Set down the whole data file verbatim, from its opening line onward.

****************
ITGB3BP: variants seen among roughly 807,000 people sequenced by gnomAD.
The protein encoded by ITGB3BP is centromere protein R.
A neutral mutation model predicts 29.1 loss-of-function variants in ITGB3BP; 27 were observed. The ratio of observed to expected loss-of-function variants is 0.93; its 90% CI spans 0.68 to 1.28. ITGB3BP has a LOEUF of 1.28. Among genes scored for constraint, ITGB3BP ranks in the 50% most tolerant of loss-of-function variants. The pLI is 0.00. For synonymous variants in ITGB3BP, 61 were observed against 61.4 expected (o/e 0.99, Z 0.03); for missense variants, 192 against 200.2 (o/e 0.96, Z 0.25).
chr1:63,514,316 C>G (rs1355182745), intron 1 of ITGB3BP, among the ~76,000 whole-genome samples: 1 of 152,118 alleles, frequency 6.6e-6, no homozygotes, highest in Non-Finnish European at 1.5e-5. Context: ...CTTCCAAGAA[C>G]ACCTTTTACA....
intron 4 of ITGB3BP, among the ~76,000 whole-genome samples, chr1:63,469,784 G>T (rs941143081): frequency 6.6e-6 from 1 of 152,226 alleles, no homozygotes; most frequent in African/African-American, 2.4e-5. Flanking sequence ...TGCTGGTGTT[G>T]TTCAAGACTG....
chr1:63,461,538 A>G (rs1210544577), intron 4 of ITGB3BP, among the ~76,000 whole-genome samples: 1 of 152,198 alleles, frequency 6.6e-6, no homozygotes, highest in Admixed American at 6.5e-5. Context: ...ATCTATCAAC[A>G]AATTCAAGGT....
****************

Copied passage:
ITGB3BP: variants seen among roughly 807,000 people sequenced by gnomAD.
The protein encoded by ITGB3BP is centromere protein R.
A neutral mutation model predicts 29.1 loss-of-function variants in ITGB3BP; 27 were observed. The ratio of observed to expected loss-of-function variants is 0.93; its 90% CI spans 0.68 to 1.28. ITGB3BP has a LOEUF of 1.28. Among genes scored for constraint, ITGB3BP ranks in the 50% most tolerant of loss-of-function variants. The pLI is 0.00. For synonymous variants in ITGB3BP, 61 were observed against 61.4 expected (o/e 0.99, Z 0.03); for missense variants, 192 against 200.2 (o/e 0.96, Z 0.25).
chr1:63,514,316 C>G (rs1355182745), intron 1 of ITGB3BP, among the ~76,000 whole-genome samples: 1 of 152,118 alleles, frequency 6.6e-6, no homozygotes, highest in Non-Finnish European at 1.5e-5. Context: ...CTTCCAAGAA[C>G]ACCTTTTACA....
intron 4 of ITGB3BP, among the ~76,000 whole-genome samples, chr1:63,469,784 G>T (rs941143081): frequency 6.6e-6 from 1 of 152,226 alleles, no homozygotes; most frequent in African/African-American, 2.4e-5. Flanking sequence ...TGCTGGTGTT[G>T]TTCAAGACTG....
chr1:63,461,538 A>G (rs1210544577), intron 4 of ITGB3BP, among the ~76,000 whole-genome samples: 1 of 152,198 alleles, frequency 6.6e-6, no homozygotes, highest in Admixed American at 6.5e-5. Context: ...ATCTATCAAC[A>G]AATTCAAGGT....